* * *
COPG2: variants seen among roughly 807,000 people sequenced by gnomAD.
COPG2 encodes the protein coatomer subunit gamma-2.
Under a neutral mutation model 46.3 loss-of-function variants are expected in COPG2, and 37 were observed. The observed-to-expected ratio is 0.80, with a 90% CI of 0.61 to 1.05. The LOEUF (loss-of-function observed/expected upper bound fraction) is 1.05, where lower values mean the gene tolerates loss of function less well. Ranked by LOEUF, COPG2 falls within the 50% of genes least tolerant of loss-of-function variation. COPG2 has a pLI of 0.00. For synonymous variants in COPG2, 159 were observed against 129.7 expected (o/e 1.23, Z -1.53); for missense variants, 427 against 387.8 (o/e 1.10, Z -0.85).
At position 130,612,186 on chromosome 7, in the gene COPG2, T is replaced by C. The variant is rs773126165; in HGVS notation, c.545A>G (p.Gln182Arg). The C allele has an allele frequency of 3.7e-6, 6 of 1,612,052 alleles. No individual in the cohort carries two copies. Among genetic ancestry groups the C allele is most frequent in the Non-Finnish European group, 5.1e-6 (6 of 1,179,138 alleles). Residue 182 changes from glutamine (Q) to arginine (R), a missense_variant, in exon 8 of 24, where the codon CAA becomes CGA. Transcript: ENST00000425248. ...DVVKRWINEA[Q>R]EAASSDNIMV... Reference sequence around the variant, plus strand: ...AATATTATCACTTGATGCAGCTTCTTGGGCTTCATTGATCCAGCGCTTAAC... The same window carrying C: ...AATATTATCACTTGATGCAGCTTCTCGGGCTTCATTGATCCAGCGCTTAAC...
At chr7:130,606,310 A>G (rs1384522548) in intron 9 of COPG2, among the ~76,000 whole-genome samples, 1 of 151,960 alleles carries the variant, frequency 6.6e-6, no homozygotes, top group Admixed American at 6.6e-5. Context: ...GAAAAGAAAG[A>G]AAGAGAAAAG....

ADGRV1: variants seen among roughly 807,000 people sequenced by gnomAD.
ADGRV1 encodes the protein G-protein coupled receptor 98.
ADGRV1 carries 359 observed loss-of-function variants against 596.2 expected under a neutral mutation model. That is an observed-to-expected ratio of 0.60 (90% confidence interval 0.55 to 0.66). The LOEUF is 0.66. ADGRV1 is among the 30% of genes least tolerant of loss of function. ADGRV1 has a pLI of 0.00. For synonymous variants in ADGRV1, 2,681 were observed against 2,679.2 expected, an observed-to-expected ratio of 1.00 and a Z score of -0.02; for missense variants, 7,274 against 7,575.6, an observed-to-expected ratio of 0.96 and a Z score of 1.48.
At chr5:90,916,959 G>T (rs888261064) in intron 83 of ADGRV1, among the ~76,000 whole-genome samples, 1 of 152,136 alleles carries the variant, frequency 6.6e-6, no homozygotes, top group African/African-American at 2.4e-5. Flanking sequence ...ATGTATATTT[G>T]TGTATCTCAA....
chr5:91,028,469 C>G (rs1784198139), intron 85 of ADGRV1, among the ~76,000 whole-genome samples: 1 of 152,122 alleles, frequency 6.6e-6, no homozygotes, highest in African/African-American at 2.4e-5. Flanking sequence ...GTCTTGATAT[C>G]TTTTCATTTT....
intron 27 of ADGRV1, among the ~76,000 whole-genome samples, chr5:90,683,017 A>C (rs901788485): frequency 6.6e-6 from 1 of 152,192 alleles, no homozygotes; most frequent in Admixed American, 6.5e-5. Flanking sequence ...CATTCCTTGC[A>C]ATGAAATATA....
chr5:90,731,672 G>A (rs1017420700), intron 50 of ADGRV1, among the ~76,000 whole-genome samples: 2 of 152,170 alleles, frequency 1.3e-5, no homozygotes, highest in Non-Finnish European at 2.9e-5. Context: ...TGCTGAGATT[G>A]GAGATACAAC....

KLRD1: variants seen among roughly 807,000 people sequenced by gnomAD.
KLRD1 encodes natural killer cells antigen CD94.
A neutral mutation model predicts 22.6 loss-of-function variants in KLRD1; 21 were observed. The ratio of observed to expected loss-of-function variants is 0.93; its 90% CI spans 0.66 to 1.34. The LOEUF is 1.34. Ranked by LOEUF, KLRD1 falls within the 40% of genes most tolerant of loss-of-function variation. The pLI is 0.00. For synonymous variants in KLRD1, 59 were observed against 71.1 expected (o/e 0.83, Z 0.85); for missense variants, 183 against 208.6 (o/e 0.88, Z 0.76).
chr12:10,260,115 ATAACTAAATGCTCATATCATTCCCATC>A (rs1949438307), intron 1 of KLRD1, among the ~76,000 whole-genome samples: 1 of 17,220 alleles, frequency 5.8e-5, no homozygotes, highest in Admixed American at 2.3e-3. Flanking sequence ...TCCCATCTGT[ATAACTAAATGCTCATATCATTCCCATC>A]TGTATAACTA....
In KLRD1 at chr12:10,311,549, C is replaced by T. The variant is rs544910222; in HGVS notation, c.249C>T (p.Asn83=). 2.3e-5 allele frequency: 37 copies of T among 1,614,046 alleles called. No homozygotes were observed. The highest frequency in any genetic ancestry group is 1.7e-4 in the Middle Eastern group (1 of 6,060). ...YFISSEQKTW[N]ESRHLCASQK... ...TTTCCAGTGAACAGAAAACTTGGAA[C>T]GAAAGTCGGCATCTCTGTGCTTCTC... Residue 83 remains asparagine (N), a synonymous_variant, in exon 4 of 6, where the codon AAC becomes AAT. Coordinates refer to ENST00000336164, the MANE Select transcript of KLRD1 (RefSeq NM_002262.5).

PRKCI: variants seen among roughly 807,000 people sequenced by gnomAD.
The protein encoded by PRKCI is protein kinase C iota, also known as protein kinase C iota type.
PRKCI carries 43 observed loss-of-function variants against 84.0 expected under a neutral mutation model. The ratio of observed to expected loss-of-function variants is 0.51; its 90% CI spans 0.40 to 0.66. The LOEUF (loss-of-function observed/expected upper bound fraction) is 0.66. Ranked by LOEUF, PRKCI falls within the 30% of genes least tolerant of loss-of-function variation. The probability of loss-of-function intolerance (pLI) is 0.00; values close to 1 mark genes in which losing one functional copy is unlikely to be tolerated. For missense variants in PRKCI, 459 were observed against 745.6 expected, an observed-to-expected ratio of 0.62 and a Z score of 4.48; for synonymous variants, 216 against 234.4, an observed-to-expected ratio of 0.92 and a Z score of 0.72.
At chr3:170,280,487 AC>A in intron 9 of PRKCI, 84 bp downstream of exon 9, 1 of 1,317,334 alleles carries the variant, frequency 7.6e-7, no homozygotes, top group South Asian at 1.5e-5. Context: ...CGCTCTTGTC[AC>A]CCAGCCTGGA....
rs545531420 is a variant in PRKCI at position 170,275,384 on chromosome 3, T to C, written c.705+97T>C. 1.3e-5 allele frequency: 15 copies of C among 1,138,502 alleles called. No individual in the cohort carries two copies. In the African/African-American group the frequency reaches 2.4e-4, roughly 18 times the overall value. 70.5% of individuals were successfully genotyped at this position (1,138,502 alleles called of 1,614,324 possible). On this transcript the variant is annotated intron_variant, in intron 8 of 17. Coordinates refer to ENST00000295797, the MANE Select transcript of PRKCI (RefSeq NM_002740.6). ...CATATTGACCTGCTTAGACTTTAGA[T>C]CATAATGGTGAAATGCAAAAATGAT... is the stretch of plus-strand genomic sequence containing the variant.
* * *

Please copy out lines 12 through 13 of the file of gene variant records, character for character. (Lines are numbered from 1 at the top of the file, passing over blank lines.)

chr5:90,731,672 G>A (rs1017420700), intron 50 of ADGRV1, among the ~76,000 whole-genome samples: 2 of 152,170 alleles, frequency 1.3e-5, no homozygotes, highest in Non-Finnish European at 2.9e-5. Context: ...TGCTGAGATT[G>A]GAGATACAAC....

KLRD1: variants seen among roughly 807,000 people sequenced by gnomAD.